More evidence: drinking and pregnancy don’t mix

Although drinking during pregnancy has long been considered taboo, new research suggests that as many as one in 20 U.S. children may have health or behavioral problems related to alcohol exposure before birth.

The study, reported in the November print issue of Pediatrics, found that between 2.4 percent and 4.8 percent of children have some kind of fetal alcohol spectrum disorder, or FASD.

Fetal alcohol syndrome is the most severe end of the spectrum, and children with this condition have abnormal facial features, structural brain abnormalities, growth problems and behavioral issues. Children on the less severe end of the spectrum may have impairments in the ability to complete tasks required to do well in school or have behavioral issues, the study noted.

Researchers selected a nationally representative town in the Midwest for the study. The town had an average annual alcohol consumption rate about 14 percent higher than the rest of the United States. That translated into roughly a liter of alcohol more per person per year, according to the study authors. They identified first-graders who had a developmental problem or were below the 25th percentile for height, weight or head circumference. Then the researchers gave memory and thinking (“cognitive”) tests, as well as behavioral tests, to these children and to a comparison group of typically developing first-graders.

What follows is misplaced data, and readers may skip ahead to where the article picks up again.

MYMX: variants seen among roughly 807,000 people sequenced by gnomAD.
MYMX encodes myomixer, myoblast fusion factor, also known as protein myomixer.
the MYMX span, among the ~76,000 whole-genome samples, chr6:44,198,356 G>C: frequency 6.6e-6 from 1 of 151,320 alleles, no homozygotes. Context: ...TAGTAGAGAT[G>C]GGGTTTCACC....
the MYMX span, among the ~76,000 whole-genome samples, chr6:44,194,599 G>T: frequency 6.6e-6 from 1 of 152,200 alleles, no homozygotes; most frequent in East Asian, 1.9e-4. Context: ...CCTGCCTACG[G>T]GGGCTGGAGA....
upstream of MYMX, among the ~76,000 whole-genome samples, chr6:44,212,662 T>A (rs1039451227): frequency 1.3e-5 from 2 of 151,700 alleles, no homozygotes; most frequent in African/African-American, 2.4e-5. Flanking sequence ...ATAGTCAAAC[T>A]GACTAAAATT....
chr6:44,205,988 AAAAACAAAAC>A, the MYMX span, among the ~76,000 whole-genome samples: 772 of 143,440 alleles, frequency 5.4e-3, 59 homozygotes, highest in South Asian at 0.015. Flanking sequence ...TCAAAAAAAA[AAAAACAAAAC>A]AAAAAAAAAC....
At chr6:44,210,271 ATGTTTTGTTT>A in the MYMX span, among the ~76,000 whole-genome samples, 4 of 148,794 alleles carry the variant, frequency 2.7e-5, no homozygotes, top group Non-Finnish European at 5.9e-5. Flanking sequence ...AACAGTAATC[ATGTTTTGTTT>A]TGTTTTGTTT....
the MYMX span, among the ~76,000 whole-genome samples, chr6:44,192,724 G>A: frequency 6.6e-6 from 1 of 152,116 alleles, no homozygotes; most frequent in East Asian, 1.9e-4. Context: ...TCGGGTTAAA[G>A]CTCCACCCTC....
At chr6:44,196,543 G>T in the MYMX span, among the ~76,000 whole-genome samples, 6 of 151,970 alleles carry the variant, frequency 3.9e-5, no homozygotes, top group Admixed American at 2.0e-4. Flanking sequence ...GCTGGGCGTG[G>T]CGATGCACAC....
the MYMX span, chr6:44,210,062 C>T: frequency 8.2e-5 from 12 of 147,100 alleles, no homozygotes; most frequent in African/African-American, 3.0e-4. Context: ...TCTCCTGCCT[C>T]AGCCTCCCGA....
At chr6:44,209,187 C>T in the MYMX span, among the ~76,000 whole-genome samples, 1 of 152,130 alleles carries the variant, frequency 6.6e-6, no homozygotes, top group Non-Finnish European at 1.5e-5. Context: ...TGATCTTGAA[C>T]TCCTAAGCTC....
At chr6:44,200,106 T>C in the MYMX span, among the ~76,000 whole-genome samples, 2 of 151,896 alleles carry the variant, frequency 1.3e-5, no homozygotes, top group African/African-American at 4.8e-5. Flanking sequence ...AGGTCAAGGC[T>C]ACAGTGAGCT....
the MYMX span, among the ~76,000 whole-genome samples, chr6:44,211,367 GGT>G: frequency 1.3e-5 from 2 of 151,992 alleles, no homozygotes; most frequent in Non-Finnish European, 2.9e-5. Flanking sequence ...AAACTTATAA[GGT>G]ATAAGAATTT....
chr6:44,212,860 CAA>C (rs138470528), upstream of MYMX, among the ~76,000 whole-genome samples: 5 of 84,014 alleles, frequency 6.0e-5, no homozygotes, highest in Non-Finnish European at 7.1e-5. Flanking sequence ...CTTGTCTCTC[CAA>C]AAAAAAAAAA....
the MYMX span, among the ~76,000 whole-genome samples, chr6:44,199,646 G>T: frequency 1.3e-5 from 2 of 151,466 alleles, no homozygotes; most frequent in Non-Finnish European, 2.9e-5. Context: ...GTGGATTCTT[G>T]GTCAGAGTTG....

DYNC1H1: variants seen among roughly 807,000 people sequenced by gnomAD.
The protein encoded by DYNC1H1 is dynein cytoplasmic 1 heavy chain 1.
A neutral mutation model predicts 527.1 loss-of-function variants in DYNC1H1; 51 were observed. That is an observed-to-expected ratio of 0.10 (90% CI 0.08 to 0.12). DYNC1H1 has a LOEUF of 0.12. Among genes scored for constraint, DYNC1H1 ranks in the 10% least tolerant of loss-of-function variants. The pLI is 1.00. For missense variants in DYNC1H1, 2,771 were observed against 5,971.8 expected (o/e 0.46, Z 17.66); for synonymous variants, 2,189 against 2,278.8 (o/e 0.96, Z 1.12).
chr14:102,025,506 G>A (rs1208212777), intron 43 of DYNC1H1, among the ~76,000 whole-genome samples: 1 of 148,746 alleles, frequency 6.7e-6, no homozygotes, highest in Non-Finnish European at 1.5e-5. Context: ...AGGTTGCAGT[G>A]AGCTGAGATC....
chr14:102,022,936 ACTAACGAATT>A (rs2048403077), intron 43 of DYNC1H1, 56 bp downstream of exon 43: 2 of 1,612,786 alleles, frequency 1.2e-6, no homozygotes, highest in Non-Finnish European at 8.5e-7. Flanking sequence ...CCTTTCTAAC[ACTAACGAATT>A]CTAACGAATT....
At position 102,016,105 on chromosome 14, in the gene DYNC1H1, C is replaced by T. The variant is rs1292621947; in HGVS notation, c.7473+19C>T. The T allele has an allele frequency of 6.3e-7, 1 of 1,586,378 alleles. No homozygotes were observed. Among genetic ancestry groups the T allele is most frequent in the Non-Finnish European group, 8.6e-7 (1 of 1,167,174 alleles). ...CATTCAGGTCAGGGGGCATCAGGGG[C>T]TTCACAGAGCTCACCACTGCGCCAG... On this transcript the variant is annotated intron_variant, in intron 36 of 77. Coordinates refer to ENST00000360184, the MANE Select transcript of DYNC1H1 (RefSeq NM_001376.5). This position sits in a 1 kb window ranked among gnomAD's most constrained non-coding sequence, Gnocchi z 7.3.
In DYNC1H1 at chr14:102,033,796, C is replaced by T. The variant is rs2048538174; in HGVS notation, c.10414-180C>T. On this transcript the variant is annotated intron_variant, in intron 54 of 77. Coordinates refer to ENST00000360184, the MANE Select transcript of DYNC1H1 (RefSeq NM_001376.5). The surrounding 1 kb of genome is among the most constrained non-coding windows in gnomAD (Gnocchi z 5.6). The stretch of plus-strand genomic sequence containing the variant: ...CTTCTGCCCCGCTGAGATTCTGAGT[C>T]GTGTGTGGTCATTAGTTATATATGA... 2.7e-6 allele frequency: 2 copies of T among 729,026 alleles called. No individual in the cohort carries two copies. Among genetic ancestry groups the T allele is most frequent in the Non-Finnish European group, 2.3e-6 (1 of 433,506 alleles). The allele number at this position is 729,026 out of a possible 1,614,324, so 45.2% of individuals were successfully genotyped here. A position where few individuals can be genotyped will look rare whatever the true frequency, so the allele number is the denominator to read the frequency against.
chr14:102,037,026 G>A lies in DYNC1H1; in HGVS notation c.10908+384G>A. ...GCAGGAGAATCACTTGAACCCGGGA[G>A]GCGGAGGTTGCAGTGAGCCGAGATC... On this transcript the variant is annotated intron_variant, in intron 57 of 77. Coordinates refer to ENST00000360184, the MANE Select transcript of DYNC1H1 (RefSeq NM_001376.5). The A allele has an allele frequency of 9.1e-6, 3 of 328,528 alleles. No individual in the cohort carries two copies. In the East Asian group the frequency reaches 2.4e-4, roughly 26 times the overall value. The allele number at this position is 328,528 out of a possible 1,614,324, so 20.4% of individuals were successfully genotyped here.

The researchers also assessed the children for the physical attributes of fetal alcohol syndrome disorder, which include small eye openings, a smooth upper lip, a thin red border to the upper lip and smaller heads.

They found that six to nine of every 1,000 children had fetal alcohol syndrome. And, between 11 and 17 per 1,000 children had partial fetal alcohol syndrome, according to the study. These numbers are higher than in previous research.

This study also identified factors that predicted a higher risk that a child would have an FASD. The longer it took a mother to learn she was pregnant, how frequently she drank three months before pregnancy, and the more alcohol the child’s father drank, the more likely it was that the child would have an FASD, the study found.

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